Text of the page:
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Friday, May 18, 2007

More Thoughts on "Digital History"

This is a cool video on Digital Futures.

The following quote is taken from William J. Turkel's Digital History Hacks and is good reading for historians, caretakers and providers of digital history:

Having more changes our ideas of what history and memory are. Roy Rosenzweig's essay on scarcity and abundance should be required reading for all historians. I've already written about information costs, so I won't go into detail here, except to say that historical projects have largely been defined by what we can't find or know, and that's about to change. Having nearly frictionless access to vast amounts of source material makes it possible to undertake projects that hinge on attested, but very-low-frequency evidence. Having more of everything also means that attention becomes a scarce resource. As scholars, our reputations and careers are increasingly shaped by the logic of the gift.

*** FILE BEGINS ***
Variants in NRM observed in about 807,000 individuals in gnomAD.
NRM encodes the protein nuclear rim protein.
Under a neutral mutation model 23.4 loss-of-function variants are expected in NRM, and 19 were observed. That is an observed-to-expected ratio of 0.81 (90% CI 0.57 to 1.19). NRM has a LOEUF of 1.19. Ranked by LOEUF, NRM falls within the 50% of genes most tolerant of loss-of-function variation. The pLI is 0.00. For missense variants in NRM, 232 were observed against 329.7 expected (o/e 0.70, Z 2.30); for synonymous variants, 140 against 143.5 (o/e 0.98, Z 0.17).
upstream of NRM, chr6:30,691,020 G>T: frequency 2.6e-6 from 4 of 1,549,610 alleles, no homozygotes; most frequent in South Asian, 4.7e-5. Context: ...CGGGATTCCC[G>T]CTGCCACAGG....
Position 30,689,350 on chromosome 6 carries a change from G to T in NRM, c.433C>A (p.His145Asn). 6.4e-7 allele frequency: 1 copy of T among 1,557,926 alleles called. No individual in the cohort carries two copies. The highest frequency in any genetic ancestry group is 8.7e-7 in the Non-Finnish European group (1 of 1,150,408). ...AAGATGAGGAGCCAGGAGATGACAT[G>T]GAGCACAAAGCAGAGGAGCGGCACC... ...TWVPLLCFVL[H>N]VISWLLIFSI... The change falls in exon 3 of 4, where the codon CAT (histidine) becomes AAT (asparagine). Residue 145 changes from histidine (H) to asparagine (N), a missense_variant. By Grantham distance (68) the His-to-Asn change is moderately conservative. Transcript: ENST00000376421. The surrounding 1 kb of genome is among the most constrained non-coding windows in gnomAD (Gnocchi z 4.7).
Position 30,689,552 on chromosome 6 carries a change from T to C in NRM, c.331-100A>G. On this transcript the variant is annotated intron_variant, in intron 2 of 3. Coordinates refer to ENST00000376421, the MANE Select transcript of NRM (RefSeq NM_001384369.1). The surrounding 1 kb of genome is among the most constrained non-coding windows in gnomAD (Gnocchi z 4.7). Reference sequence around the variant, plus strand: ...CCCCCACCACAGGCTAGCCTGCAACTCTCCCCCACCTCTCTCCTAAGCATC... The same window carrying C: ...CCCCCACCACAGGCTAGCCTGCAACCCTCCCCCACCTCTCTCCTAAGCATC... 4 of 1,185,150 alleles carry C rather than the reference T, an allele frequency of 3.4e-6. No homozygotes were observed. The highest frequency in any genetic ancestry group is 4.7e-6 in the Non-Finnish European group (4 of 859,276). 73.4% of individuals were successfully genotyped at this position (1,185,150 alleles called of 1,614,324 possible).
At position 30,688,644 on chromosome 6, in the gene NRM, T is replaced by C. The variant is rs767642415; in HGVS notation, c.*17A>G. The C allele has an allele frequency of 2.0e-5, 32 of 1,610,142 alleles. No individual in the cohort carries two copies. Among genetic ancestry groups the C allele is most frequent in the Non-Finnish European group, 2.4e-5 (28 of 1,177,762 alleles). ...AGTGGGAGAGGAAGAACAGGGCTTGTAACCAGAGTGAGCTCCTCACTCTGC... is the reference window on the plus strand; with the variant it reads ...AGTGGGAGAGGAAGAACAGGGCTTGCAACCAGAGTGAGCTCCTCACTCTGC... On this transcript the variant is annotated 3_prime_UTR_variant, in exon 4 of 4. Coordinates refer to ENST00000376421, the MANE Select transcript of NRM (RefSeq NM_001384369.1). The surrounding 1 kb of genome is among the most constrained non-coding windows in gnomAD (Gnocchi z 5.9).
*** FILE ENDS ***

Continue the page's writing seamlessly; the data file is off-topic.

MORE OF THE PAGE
Finally, more is about to become an awful lot more. Technologies like RFID and MEMS make it possible to create vast sensor networks that continuously record data in unimaginable quantities, or that can track the history of practically any object of interest. CARPE researchers study the capture, archival and retrieval of personal experiences across a lifetime. If you thought Samuel Pepys left a lot of material, you haven't seen anything yet.

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